They found her the day after the last Quidditch match, tied up and naked and hanging from the underside of one of the bleachers.
It was Morgan who saw her first, a sixteen year old boy who wanted to play so desperately he'd pick things up off the pitch after them. He was walking beneath the Hufflepuff bleachers, a shortcut back to the changing rooms, and happened to look up. She was hanging head-down, and the blood had pooled in her fingertips, her face. Her cheeks were grotesquely red.
James heard his scream even while in the air at the other end of the pitch, legs wrapped tight around his new broom. Morgan's scream nearly unseated him.
Morgan had always been such a quiet boy. His mouth open, wailing at the top of his lungs, you wouldn't have believed it.
Peter, Sirius and Remus had been outside, full of questions. James knew that they were aware something was wrong simply from his face; he couldn't hide it, so he just kept walking. When James had gone to McGonagall, she had just said, "wait."
Dumbledore called James into his office after he'd been standing outside the statue not even ten minutes. James mounted the stairs, fear a taste in the back of his mouth - fear that had crystallized the first minute he'd heard Morgan. Crystals were funny things. They'd studied a kind of crystal in Advanced Potions one year; you grew them slowly, one thing building on the other. The stairs took an eon to reach the headmaster's office and the doors opened silently, let James into Dumbledore's office without any more waiting. Downstairs was murder, the waiting, but now that James was stepping before the headmaster he could have done with a few more minutes to prepare himself, Head Boy or no.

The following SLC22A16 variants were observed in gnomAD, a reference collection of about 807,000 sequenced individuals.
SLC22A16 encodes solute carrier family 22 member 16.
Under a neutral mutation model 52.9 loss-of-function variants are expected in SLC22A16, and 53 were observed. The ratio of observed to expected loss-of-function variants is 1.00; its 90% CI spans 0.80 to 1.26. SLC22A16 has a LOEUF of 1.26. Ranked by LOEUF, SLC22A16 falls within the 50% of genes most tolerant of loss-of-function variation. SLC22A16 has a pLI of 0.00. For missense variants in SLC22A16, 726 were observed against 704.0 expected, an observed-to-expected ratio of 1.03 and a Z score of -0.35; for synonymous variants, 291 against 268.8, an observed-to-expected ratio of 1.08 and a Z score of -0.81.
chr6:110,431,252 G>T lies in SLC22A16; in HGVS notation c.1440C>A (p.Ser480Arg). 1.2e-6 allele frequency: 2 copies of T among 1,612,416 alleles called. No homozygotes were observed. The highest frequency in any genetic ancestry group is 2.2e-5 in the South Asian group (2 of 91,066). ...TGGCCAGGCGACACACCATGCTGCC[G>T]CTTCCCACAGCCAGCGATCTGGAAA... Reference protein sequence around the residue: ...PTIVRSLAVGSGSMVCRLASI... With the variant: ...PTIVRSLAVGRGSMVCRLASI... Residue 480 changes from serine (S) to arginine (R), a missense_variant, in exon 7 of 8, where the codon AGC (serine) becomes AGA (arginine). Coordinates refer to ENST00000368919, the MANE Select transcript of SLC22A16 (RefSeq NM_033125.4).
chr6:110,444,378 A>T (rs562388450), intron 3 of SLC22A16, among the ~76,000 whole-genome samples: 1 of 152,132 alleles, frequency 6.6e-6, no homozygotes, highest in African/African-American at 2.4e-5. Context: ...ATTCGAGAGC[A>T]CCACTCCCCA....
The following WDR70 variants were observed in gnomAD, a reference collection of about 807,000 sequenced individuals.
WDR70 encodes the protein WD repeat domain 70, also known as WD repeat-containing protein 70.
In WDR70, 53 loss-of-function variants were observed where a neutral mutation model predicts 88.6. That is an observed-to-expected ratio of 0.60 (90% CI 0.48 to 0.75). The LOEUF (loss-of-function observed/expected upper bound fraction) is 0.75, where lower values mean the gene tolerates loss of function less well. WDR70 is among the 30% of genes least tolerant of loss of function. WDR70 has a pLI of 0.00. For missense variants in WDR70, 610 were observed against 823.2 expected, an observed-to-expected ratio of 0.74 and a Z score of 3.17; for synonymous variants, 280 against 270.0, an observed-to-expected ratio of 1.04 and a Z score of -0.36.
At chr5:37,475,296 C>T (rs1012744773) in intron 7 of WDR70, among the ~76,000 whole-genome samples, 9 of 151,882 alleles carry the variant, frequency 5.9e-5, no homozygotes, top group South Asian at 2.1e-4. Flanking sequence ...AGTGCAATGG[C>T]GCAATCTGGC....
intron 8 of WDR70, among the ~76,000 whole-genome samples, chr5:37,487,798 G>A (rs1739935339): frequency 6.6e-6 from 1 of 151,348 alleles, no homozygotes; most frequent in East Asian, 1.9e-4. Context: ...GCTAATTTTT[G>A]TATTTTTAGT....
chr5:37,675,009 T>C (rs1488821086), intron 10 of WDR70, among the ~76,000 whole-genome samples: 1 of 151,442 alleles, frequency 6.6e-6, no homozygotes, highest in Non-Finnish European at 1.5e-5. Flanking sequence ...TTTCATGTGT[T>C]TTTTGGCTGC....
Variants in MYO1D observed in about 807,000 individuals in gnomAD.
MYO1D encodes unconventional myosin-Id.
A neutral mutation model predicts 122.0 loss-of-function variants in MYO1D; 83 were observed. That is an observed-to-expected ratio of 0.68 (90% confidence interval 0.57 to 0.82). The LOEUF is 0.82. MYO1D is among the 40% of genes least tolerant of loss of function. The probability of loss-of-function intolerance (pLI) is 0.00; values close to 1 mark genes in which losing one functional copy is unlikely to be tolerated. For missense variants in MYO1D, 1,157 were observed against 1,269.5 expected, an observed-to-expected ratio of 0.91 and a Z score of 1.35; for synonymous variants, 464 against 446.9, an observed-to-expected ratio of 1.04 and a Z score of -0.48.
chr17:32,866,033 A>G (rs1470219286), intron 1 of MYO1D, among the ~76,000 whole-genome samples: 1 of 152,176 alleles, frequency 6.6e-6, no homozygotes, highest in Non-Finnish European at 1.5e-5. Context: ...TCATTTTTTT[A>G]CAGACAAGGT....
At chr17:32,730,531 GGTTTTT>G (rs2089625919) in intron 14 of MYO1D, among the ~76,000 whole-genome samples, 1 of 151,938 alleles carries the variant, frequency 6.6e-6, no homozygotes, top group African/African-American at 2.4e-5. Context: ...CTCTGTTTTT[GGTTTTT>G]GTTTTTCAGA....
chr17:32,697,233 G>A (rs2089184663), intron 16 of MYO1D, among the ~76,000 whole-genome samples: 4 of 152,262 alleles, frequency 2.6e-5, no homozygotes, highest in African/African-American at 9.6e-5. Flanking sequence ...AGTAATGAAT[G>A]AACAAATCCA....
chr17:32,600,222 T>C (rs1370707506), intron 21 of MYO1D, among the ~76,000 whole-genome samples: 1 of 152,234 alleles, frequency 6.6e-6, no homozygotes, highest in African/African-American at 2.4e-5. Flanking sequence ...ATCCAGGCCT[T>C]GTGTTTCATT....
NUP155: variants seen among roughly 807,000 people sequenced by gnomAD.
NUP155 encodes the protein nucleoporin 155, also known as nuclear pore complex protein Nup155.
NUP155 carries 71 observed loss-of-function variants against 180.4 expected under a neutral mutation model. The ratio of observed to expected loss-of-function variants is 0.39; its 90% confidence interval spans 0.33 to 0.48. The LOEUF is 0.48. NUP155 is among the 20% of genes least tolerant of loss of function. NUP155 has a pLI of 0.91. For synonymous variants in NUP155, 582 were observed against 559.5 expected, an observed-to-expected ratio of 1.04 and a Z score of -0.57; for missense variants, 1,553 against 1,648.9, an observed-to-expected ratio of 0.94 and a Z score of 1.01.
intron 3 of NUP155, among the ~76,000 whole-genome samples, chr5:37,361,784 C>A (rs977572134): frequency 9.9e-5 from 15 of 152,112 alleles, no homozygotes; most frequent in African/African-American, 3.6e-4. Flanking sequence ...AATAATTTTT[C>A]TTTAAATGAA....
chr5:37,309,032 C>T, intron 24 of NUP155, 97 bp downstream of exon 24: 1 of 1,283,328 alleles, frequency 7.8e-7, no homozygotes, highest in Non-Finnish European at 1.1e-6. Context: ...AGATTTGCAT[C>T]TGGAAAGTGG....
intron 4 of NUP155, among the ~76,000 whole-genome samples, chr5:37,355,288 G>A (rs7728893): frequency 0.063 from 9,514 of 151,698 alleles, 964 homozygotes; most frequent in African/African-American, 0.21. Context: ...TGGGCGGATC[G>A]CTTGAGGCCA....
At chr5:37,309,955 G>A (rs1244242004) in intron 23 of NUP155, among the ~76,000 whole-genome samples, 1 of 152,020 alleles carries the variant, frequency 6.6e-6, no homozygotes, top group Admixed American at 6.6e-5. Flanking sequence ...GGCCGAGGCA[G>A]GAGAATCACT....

Dumbledore's hands were folded in front of him. "James, what did you see?"
James stuck to the facts. He shook his head, "no, I didn't. Her," he said in a quiet voice, "but nothing else, really. Morgan's the one that would have seen anything."
"We've spoken to Morgan," Dumbledore said, and there was kindness in his eyes. James was still tense. "James, the question I really need to ask you is: who else knows about this?"
James could see McGonagall in the corner, speaking low to someone with a suspicious face in the fireplace. "Well, Morgan," he started.
The air around him was thicker than usual. James took a larger breath, tasting it. There was something lodged in the back of his throat, he could barely speak around it. His head felt too big, trying to avoid this huge thing in his mouth, nose, skull.
Dumbledore looked right at him, the way he did that made you tell the truth. He repeated, "Who else knows about her, James? This is very important, probably more important than any other question I've ever asked you."
James looked down, "Sirius Black, Remus Lupin, and Peter Pettigrew ran into me on my way back from the school. I didn't tell them everything, but they know something's wrong."
Dumbledore motioned to McGonagall, who materialized at his right hand as if by magic. "Bring them here."
James looked off to the side. From the corner of his eye, he could barely see the grizzled head in the fireplace. The head swivelled around, stared at him. James looked at the floor, back at Dumbledore. Dumbledore was smiling gently. "We need to know who else is aware of the situation," he explained, and then stole a glance at the fireplace.
James had always been called a quick study, and he knew how the school was run, but this was no longer about the school, this was about hurried conversations with heads in fireplaces and James frowned, he said, "you're not telling anyone."
Dumbledore crossed his hands, sitting behind his big desk. "There is less than a month left of term. Until we know what's going on here, I do not intend to say anything, no." Dumbledore smiled at James, and James shifted uncomfortably under his eyes, then nodded. "Good lad."